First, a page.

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Taking soil samples

Posted 5/16/2008 10:24am by Julie Hurst / Roy Brubaker.

The first weekend in May we filled the girls' wagon with yogurt containers, bread bags, a soil corer, and scissors and began making rounds through the pastures below the road.  In each paddock we pulled twelve soil cores and cut as many forage samples.  The samples from each paddock were mixed together, dried, and shipped off to a lab in Tennessee.  The girls were so excited to be little scientists and scrambled to claim a job in each paddock.  Like typical six-year-olds, their enthusiasm lasted for about an hour.  Soon  they were hungry and tired and Roy was just as happy to have them retreat to the house so he could finish the job.  While their enthuiasm lasted however, it was fun to have them looking for specific kinds of weeds and grass or pull earthworms from the soil samples.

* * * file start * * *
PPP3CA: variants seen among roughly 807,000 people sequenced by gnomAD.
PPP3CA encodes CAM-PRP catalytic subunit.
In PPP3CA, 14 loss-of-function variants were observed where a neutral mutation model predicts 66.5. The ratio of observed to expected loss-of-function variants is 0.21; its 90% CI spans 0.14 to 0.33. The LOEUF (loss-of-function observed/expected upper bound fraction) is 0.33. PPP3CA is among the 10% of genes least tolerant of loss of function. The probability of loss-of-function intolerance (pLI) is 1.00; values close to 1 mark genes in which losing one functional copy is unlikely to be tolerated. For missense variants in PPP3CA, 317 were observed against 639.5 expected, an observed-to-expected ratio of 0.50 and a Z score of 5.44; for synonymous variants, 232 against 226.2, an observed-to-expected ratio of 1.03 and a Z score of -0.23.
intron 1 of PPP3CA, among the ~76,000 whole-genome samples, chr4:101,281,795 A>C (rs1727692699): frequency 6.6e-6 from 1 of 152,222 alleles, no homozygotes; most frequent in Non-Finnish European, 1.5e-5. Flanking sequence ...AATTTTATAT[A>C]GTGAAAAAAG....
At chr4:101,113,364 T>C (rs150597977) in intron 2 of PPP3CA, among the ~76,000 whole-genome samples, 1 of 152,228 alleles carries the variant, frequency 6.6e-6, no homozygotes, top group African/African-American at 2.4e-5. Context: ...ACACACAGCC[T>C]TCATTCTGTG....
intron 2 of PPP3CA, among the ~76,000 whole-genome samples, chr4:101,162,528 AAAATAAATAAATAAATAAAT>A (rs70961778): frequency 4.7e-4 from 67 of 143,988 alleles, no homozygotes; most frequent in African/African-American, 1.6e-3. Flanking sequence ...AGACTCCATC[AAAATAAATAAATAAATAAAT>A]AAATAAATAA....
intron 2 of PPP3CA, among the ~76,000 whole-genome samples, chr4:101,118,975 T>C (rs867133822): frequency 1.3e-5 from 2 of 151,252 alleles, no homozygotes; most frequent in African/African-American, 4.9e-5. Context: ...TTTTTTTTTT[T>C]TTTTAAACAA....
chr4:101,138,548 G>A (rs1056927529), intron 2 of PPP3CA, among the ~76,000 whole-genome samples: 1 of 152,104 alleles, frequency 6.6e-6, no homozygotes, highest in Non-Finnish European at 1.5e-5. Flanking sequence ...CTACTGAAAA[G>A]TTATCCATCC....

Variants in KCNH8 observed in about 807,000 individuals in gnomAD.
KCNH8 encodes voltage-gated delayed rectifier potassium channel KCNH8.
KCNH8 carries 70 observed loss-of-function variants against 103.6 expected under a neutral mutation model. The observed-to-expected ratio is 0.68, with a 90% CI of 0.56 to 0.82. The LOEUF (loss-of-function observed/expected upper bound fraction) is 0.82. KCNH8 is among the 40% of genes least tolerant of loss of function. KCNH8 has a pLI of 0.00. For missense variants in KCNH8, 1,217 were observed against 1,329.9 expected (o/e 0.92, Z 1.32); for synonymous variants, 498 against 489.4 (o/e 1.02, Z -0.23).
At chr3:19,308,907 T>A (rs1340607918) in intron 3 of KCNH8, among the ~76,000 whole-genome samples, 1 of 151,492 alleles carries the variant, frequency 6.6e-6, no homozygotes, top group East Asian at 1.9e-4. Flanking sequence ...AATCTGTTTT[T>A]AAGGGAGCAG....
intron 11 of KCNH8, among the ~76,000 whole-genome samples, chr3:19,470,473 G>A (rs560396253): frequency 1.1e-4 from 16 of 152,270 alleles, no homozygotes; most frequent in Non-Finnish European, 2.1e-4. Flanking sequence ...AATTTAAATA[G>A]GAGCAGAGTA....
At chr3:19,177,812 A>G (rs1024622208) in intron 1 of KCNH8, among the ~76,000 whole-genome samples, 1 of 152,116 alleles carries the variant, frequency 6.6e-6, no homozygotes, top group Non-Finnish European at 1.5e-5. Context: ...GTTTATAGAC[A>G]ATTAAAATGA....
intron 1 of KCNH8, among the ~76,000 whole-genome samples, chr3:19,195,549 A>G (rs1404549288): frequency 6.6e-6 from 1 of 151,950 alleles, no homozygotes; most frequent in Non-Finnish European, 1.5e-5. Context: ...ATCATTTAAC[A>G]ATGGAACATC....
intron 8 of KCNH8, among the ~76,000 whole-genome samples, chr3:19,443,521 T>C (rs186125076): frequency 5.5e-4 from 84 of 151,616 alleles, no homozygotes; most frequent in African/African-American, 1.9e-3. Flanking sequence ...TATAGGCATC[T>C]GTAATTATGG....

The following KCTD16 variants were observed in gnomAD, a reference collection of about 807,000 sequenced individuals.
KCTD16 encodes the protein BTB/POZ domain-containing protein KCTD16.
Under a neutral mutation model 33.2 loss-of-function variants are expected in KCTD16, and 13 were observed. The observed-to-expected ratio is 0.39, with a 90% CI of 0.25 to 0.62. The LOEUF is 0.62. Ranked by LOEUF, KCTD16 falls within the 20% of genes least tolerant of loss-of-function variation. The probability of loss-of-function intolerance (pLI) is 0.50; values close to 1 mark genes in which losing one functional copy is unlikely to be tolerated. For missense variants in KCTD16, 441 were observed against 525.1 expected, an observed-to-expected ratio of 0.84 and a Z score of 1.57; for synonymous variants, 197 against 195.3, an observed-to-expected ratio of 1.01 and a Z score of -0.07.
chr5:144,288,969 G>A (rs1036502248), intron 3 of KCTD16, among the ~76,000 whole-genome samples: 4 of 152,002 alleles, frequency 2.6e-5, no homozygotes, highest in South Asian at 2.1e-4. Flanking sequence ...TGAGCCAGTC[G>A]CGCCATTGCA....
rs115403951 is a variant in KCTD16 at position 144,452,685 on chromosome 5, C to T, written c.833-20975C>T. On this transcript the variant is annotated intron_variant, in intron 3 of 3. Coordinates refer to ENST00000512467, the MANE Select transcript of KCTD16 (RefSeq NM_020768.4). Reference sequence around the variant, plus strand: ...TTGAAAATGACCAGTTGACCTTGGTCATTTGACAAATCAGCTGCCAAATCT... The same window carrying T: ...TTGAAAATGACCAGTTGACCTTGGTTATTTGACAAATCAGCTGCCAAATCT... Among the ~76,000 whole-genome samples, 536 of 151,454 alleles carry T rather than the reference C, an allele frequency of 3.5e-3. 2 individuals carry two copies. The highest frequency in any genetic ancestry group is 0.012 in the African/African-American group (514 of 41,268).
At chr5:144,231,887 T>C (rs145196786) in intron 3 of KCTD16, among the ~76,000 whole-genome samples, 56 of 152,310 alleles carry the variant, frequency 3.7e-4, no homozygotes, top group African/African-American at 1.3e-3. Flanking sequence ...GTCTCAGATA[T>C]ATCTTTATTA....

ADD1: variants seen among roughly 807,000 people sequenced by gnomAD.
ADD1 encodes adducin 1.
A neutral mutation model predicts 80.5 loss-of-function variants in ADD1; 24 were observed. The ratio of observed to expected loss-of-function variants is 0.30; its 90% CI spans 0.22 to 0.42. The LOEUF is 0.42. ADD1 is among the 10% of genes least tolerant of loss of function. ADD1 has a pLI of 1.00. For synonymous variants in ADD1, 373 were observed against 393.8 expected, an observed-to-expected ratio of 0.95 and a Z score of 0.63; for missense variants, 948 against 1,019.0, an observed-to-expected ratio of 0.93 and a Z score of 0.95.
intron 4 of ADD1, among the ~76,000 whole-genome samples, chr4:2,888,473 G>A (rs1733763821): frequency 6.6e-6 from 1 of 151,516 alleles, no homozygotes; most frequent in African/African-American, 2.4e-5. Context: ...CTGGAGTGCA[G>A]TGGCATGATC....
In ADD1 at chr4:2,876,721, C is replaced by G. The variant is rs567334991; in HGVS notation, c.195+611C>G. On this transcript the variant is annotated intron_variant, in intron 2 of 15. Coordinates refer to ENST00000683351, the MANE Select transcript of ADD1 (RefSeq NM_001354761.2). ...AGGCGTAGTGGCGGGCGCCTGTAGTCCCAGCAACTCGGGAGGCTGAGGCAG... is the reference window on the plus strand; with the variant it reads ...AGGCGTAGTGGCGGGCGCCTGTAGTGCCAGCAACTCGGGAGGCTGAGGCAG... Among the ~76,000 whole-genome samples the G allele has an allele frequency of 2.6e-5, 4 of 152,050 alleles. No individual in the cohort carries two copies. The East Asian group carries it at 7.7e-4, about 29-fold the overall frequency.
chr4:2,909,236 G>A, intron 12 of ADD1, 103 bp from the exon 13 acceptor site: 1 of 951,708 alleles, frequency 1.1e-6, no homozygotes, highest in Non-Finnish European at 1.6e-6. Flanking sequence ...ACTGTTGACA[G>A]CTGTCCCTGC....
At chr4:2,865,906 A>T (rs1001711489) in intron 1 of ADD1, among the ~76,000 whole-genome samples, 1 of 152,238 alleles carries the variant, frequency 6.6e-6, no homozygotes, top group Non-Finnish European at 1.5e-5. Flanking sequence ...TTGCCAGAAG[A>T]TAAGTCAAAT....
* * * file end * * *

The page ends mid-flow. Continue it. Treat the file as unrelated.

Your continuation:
Budding scientists taking forage and soil sample.

The results of the samples will tell us which minerals we need to add to our soil to make it more productive.  In some of our paddocks we've noticed the tips of the grass yellows as it matures and in others the grass seems thin and sparse.  Ideally we should sample the soil every five years or so,  but it is a time-consuming process and this is the first time we sampled all the paddocks below the road and later this month we hope to do it for the four paddocks above the road as well.

Cutting forage samples for testing.

Taking soil samples for testing.